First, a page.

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Seattle mayor roasts Amazon’s plans to split HQ2 between 2 cities

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Jenny Durkan Seattle mayor
Seattle mayor Jenny Durkan
said that splitting HQ2 would be “good news” for her
city.

Elaine Thompson/AP
Images


  • Seattle mayor Jenny Durkan said she would be pleased if
    Amazon split its
    much-awaited HQ2 between two cities.
  • “I’d call those branch offices,” the mayor told KIRO-TV Seattle.
  • The New York Times
    reported
    on Monday evening that Amazon is planning to open HQ2
    facilities in New York and Virginia.

Seattle mayor Jenny Durkan said she was heartened by reports that Amazon plans to split its HQ2 facilities between two
locations.

“I’d call those branch offices,” she told KIRO-TV Seattle on Monday
night. “That would be good news.”

Her wish seemingly came true later Monday night, when The New
York Times
reported
that Amazon had decided to go with two cities: Long
Island City in Queens, New York, and Crystal City in Arlington,
Virginia.

It makes sense that the mayor of Seattle would be excited about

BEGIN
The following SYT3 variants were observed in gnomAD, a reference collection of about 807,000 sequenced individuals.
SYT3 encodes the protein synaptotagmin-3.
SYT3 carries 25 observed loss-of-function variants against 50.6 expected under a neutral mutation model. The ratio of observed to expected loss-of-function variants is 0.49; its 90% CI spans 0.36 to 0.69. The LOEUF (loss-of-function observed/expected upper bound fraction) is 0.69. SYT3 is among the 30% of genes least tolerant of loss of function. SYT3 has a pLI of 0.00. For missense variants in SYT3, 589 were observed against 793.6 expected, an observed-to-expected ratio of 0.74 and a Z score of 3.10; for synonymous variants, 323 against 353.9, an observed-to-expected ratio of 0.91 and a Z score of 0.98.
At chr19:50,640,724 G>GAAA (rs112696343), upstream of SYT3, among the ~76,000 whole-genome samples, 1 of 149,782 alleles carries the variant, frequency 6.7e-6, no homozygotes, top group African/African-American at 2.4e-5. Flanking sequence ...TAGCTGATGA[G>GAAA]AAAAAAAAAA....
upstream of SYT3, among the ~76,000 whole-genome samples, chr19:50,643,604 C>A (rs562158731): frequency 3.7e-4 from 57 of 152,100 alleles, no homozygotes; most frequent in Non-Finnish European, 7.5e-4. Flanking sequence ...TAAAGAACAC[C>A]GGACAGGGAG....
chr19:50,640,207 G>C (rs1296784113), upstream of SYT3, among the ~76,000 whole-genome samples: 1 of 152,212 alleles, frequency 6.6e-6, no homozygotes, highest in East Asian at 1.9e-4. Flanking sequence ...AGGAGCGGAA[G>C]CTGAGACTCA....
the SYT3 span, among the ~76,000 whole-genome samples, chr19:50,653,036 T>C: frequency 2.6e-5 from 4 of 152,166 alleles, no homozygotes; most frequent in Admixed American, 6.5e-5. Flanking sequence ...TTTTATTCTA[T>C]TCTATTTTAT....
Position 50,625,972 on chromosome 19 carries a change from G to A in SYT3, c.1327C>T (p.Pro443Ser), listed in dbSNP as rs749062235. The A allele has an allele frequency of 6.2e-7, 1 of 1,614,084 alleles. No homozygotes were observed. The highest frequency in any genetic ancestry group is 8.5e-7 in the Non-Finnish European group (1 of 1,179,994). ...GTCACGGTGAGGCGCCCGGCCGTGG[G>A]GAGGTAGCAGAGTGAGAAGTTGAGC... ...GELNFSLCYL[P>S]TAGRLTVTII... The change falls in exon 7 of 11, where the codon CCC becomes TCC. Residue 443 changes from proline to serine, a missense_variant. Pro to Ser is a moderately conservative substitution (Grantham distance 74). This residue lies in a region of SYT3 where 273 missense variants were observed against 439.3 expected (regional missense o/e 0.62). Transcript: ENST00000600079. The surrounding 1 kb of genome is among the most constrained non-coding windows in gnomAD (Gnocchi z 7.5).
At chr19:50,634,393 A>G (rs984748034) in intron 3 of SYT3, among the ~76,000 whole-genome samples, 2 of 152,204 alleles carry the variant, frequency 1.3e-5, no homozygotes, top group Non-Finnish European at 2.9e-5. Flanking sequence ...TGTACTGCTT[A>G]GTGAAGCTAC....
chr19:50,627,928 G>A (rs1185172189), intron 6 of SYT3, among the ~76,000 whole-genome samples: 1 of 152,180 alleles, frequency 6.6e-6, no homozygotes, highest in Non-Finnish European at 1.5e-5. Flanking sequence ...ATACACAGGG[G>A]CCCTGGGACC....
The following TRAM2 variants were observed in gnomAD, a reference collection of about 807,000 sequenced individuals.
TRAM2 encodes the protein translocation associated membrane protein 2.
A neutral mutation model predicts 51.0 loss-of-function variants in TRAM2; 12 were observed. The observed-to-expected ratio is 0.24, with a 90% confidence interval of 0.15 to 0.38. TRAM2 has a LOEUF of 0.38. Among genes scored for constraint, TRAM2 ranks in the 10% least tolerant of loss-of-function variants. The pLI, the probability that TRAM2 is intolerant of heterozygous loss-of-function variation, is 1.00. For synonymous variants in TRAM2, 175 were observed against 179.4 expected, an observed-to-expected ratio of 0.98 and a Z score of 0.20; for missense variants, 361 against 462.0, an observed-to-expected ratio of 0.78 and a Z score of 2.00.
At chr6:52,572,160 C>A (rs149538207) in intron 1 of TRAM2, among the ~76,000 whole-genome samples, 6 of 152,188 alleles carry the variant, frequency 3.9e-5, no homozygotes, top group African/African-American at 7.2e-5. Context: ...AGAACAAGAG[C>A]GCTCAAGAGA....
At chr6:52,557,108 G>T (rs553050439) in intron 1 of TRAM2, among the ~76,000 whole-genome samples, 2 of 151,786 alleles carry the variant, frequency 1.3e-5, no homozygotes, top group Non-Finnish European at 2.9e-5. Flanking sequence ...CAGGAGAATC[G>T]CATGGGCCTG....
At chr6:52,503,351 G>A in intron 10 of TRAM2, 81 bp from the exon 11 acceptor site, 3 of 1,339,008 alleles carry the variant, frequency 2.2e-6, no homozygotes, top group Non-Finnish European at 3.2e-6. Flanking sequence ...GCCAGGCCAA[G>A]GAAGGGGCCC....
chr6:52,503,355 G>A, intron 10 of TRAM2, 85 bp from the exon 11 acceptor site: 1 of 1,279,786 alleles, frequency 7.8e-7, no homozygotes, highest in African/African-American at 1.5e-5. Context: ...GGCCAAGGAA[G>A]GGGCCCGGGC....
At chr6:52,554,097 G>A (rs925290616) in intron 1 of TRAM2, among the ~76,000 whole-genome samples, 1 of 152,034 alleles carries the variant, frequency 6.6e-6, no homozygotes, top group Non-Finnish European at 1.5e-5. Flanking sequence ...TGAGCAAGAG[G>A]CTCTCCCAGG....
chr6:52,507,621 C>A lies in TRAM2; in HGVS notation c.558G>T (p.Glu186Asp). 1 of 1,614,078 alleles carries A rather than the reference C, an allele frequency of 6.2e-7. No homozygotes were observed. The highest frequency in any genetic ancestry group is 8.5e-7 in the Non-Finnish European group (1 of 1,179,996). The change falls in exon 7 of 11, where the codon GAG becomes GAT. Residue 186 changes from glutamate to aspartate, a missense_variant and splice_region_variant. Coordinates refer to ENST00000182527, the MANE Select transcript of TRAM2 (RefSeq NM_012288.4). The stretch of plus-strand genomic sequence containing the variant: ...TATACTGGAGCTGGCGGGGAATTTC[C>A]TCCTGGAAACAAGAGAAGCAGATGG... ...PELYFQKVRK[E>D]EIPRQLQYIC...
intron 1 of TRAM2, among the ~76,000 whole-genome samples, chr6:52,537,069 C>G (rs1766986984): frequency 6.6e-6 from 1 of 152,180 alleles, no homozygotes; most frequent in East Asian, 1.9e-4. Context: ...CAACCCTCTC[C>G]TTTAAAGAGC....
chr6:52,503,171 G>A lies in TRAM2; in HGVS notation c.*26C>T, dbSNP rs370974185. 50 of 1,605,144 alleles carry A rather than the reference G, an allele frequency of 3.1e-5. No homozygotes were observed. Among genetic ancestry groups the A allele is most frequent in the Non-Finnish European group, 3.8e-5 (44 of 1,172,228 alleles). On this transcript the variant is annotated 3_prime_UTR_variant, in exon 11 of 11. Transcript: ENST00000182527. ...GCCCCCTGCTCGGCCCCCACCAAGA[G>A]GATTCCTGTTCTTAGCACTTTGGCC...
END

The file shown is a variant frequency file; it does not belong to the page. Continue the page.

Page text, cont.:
the fact that her city seems poised to remain the true center of
Amazon’s operations. But Durkan’s quip about HQ2 echoes a lot of
the criticism swirling around
Amazon’s reported picks — not
to mention the manner in which the online retail giant teased its
decision-making.

Read more:

Amazon
is reportedly splitting HQ2 into 2 cities, which would prove the
whole contest was a massive sham

Amazon previously said that it planned to hire 50,000 employees to work in
its new corporate headquarters. The company also drew out the
selection process, even releasing a short list of potential
candidates. In the meantime,
different localities across North America fell over themselves to
offer Amazon flashy perks and lucrative tax
breaks.

New York Gov. Andrew Cuomo even joked that he’d change his name
to “Amazon Cuomo” in exchange for
HQ2.

For a while, though, it appeared that Northern
Virginia was a front-runner in the race for HQ2.

But by dividing up its new headquarters between two locations,
critics have argued that the the online retailer is minimizing
the impact of HQ2. In other words, the argument is that instead
of opening a second headquarters, it’s just opening two large
offices.

Then again, given the potential downsides of Amazon
HQ2 — namely skyrocketing rent, increased traffic, and overall
gentrification — perhaps a reduced rollout isn’t such a bad
thing.

Read more about Amazon’s HQ2 project:

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